Active and retired public employees, including educators, will have voice in the debt renegotiation process of the Island, since the trustee of the United States provided representation to the workers unions in the uninsured and retired creditors committees.
The trustee of the United States is a figure attached to the federal Justice Department, which facilitates the bankruptcy processes in the judicial field.
Yesterday, trade unions and representatives of the Pro Pensioner Movement of Puerto Rico (MPPR, Spanish acronym) celebrated the decision of the trustee Guy G. Gebhardt, while they received with fortitude what is expected to be one of the hardest negotiations, due to the extent and complexity of the Puerto Rican government fiscal crisis.
The lawyer and expert in bankruptcy processes, Sharon L. Levine, said she felt “extremely happy” with the designation of Blanca Paniagua, president of the United Public Servants' (SPU, Spanish acronym) retirees chapter, associated with the American Federation of State, County and Municipal Employees (AFSCME).
Paniagua will serve, along with other eight people, in the Retirees Committee, created by the trustee of the United States in order to participate in the government case under the Title III of PROMESA law.
“The pensions issue is probably the most important one faced by the workers and the retirees throughout this process”, said Levine, partner of the Saul Ewing law firm and the one that has played a crucial role in the bankruptcy process of the city of Detroit.
Even though there was no creation of a creditors committee in Detroit, the AFSCME was essential in the protection of the retirees. Although the compensation of the retirees in Detroit was preserved almost in their totality, they lost benefits related to health coverage.
Levine assured that the negotiation process will be long and complex and that, as a result of it, the trade union is interested in building bridges to community organizations and to the nonprofit sector of the Island, in order to identify potential solutions to the crisis.
Last May 5th, when the Fiscal Oversight Board called upon the protections of Title III for the central government, it indicated that the pensions obligations of the biggest retirement systems of the government were around $49,562 billion. It will be added to that figure the public debt, which is of around $74,000 billion.
In order to solve the matter before the consideration of judge Laura Taylor Swain, the trustee of the United States created the retiree committee and the uninsured creditors committee, whose members he designated yesterday.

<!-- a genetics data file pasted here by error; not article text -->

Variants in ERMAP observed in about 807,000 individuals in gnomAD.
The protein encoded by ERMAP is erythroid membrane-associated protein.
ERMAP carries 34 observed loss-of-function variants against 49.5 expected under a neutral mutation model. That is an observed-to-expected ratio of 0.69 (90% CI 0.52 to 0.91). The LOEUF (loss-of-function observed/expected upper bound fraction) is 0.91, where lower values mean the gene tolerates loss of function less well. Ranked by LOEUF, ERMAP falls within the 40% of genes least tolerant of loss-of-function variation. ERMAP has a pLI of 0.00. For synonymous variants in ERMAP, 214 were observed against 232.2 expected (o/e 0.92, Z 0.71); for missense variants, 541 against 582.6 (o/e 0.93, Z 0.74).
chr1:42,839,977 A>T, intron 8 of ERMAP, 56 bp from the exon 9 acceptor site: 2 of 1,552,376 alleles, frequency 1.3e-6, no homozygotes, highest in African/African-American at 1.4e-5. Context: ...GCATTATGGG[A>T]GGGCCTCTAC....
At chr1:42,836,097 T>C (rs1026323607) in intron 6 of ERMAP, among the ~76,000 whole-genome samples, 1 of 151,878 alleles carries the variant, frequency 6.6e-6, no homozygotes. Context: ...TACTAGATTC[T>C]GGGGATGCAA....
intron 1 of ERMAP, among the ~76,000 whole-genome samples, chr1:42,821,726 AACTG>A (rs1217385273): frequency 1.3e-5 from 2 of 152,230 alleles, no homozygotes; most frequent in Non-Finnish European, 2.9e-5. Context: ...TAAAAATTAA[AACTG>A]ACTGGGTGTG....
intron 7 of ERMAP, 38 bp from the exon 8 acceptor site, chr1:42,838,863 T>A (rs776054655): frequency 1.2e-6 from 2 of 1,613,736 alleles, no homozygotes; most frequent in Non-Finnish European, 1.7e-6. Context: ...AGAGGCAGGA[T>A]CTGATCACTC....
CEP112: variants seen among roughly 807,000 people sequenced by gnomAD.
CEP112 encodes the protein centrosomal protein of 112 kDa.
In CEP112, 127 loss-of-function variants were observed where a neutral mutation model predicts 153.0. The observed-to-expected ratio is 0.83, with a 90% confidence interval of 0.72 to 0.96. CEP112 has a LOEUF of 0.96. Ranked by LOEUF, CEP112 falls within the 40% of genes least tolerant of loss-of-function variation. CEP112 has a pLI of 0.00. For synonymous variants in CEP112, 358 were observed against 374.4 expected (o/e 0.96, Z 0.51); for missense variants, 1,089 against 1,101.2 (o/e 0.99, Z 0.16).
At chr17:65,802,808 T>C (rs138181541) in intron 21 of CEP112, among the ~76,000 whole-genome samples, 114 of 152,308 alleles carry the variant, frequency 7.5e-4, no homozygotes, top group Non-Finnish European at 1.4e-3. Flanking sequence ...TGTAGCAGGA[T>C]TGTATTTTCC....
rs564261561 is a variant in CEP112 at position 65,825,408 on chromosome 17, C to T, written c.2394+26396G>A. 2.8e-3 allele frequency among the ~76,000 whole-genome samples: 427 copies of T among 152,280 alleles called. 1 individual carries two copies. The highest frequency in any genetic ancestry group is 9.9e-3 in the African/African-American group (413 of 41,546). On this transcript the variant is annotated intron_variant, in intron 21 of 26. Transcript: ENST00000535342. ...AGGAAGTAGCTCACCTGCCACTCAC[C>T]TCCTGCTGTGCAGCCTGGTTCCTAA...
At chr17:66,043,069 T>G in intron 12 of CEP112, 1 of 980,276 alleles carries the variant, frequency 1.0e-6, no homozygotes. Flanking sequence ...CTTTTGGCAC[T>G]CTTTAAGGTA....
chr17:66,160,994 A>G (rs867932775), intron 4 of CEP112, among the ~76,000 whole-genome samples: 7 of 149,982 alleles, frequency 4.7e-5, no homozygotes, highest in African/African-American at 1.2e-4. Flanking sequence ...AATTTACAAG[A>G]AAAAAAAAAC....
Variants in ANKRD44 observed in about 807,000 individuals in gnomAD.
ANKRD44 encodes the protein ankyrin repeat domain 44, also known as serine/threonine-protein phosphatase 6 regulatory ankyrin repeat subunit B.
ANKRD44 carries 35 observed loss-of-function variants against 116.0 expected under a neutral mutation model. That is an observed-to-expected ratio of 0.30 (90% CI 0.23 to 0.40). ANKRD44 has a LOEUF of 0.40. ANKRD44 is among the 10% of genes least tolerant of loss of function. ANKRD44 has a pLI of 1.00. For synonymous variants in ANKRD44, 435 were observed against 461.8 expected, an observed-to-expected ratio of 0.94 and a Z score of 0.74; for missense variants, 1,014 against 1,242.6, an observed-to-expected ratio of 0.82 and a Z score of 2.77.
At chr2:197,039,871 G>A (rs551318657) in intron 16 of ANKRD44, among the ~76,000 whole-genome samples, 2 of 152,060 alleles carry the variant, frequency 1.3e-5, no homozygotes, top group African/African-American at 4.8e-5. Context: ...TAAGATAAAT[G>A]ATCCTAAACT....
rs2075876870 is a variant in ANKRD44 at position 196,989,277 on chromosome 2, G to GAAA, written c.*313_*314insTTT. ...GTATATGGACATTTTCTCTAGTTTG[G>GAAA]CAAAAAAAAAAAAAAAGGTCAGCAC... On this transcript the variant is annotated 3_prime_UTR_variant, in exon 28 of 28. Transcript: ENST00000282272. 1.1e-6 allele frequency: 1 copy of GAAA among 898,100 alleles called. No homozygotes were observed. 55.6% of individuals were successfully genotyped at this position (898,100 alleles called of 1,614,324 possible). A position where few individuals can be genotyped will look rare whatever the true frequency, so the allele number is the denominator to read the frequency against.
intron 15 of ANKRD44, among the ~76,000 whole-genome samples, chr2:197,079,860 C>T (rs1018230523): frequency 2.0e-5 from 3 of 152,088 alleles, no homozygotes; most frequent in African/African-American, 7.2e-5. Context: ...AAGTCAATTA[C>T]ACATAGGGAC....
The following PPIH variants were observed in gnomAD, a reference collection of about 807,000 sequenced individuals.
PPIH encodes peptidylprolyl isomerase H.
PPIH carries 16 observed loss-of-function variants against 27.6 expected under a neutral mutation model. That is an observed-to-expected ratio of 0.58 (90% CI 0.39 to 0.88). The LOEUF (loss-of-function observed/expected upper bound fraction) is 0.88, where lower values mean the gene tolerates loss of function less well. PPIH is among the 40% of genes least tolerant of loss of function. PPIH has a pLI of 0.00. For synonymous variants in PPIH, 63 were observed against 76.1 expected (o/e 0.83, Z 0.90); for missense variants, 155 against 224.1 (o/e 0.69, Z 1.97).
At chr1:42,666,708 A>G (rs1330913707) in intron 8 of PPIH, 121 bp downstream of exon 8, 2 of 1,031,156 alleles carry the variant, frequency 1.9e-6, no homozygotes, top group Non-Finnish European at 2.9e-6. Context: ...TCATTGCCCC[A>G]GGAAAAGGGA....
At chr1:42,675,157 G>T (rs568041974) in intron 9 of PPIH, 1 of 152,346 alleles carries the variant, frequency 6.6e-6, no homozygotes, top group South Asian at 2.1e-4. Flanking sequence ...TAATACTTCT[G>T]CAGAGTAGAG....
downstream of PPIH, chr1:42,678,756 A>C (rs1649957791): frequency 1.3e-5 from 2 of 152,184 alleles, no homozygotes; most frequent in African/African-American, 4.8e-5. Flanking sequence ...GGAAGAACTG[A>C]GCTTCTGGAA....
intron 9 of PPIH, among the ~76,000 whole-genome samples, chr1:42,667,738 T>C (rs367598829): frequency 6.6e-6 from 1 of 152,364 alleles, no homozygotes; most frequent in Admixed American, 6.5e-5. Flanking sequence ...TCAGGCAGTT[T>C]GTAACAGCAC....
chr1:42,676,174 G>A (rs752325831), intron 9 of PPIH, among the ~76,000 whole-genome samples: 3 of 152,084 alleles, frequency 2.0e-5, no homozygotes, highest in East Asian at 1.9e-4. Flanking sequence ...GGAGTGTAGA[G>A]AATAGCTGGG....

The trustee didn’t designate an uninsured creditors committee for the Puerto Rico Urgent Interest Fund Corporation (COFINA, Spanish acronym). Among the ones designated by Gebhardt there are no municipal insurer which guarantee part of the debt of the Island, and no bondholders either that, according to sources, requested to be part of said committees.
Besides Paniagua, Gebhardt designated Carmen Núñez, Juan Ortiz, Lydia Pellot, Marcos A. López, Miguel Fabre, Milagros Acevedo, Rosario Pacheco and José Marín.
The designated ones represent the retirees of the State Insurance Fund Corporation, the University of Puerto Rico, Education, the Judicial System and the Police.
“We will be calling the trustee with a view to hold a meeting as soon as possible”, said Marín, retired sergeant and executive director of the Police Union. “We will be the voice of the retirees, but also the voice of those employees who are listed for that plans”, added Marín, while he remembered there were cuts to the pensions already.
Teachers with a voice
The committee of uninsured creditors of the central government will be integrated by seven members, including the creditor to which the governments owes the most, Total Petroleum Puerto Rico.
Besides, the group will be integrated by Genesis Security, Puerto Rico Hospital Supply, Unitech Engineering and Doral Financial Corp. The failed financial institution seeks to recover the money from an alleged contributory agreement, reported The Wall Street Journal.
The uninsured creditors group is completed by the Service Employees International Union (SEIU) and the American Federation of Teachers (AFT). The latter, denounced last April the negative impact that the budget cuts in the fiscal plan would have on the education.
“The resources for teachers have always been limited, not only their salary, but also the items they need in order to do their work”, said the president of the Teachers' Association of Puerto Rico (AMPR), Aida Díaz.
She explained that for several weeks, knowing that with the fiscal crisis they will try to get “money everywhere”, the AMPR decided to form an alliance with the American Federation of Teachers (AFT), so they could take part in the renegotiation process of the debt.
The educator explained that the teachers pensions have been affected, but there are also thousands of active teachers that haven’t even got the minimum increases the government subscribed by contract.
In the same way, she claimed that many teachers indebted themselves under a program of the Department of Education, which promised higher salary compensation if they got a better educational background, and none of that has been complied.
“We will fight for everybody’s rights”, said Díaz.
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